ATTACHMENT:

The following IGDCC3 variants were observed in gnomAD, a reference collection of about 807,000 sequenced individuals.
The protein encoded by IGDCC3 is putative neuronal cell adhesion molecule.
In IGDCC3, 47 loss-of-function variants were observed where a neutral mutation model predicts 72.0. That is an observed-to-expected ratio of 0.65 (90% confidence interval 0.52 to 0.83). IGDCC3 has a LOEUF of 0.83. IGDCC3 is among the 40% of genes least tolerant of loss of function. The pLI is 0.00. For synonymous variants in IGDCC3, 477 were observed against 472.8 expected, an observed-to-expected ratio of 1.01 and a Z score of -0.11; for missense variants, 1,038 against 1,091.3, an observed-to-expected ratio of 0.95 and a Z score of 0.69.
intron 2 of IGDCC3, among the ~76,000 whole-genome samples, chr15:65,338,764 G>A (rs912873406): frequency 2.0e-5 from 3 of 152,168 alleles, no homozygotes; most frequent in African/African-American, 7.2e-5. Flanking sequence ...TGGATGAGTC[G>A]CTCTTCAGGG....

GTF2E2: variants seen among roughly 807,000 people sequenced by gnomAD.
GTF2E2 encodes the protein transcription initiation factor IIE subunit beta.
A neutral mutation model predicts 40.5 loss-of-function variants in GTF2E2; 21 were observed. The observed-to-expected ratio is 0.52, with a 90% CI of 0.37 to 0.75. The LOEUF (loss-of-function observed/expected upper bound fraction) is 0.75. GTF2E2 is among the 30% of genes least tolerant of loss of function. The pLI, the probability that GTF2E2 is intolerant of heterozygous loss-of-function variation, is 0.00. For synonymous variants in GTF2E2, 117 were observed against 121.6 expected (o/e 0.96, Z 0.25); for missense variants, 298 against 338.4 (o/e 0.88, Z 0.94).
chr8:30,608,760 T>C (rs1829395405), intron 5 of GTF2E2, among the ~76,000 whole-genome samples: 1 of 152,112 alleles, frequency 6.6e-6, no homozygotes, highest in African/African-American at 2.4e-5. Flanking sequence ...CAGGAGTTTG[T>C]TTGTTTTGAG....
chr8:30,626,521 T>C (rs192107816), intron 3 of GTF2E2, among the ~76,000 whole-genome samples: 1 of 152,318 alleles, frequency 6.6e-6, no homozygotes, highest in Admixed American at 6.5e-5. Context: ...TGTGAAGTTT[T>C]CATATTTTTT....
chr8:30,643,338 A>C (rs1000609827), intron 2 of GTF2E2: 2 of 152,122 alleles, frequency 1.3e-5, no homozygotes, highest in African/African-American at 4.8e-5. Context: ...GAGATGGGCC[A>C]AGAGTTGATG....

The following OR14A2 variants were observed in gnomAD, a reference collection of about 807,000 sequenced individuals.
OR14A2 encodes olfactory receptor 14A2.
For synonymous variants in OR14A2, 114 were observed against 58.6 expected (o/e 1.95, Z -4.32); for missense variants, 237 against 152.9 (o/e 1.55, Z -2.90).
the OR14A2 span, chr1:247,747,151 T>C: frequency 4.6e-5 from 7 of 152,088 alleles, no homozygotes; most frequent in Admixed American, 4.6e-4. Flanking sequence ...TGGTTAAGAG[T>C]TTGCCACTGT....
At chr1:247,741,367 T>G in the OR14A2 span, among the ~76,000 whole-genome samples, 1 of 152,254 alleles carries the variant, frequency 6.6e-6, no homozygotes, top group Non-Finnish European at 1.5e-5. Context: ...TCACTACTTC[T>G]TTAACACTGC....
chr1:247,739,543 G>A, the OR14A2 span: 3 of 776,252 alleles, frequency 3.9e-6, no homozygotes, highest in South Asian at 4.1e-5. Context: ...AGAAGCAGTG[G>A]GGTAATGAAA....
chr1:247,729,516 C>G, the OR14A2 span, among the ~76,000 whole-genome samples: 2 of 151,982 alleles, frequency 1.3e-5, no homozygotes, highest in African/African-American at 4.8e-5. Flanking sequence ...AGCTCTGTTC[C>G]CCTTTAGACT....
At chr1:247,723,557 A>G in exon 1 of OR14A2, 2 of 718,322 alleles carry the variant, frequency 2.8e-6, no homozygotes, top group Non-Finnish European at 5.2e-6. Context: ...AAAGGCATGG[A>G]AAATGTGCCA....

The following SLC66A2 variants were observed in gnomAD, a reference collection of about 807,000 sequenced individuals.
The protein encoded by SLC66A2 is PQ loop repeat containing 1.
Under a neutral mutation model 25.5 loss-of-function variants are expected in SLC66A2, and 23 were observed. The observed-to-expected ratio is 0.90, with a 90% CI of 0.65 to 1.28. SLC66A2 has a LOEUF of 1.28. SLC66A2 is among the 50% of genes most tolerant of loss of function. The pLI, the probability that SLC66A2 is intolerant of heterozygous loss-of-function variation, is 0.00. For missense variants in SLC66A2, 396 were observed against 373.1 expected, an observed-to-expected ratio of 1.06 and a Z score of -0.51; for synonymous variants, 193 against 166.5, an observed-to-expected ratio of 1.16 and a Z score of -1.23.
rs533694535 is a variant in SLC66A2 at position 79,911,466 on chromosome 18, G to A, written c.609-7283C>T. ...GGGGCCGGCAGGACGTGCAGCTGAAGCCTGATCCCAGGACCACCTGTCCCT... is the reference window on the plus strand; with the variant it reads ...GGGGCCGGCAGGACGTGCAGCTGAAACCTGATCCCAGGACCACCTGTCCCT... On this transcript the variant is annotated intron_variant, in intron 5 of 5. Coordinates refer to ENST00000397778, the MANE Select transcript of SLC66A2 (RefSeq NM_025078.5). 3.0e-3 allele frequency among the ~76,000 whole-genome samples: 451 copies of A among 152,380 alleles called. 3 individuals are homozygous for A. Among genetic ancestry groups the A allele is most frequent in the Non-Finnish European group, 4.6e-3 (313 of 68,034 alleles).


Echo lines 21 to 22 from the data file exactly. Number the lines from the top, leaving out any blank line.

Under a neutral mutation model 25.5 loss-of-function variants are expected in SLC66A2, and 23 were observed. The observed-to-expected ratio is 0.90, with a 90% CI of 0.65 to 1.28. SLC66A2 has a LOEUF of 1.28. SLC66A2 is among the 50% of genes most tolerant of loss of function. The pLI, the probability that SLC66A2 is intolerant of heterozygous loss-of-function variation, is 0.00. For missense variants in SLC66A2, 396 were observed against 373.1 expected, an observed-to-expected ratio of 1.06 and a Z score of -0.51; for synonymous variants, 193 against 166.5, an observed-to-expected ratio of 1.16 and a Z score of -1.23.
rs533694535 is a variant in SLC66A2 at position 79,911,466 on chromosome 18, G to A, written c.609-7283C>T. ...GGGGCCGGCAGGACGTGCAGCTGAAGCCTGATCCCAGGACCACCTGTCCCT... is the reference window on the plus strand; with the variant it reads ...GGGGCCGGCAGGACGTGCAGCTGAAACCTGATCCCAGGACCACCTGTCCCT... On this transcript the variant is annotated intron_variant, in intron 5 of 5. Coordinates refer to ENST00000397778, the MANE Select transcript of SLC66A2 (RefSeq NM_025078.5). 3.0e-3 allele frequency among the ~76,000 whole-genome samples: 451 copies of A among 152,380 alleles called. 3 individuals are homozygous for A. Among genetic ancestry groups the A allele is most frequent in the Non-Finnish European group, 4.6e-3 (313 of 68,034 alleles).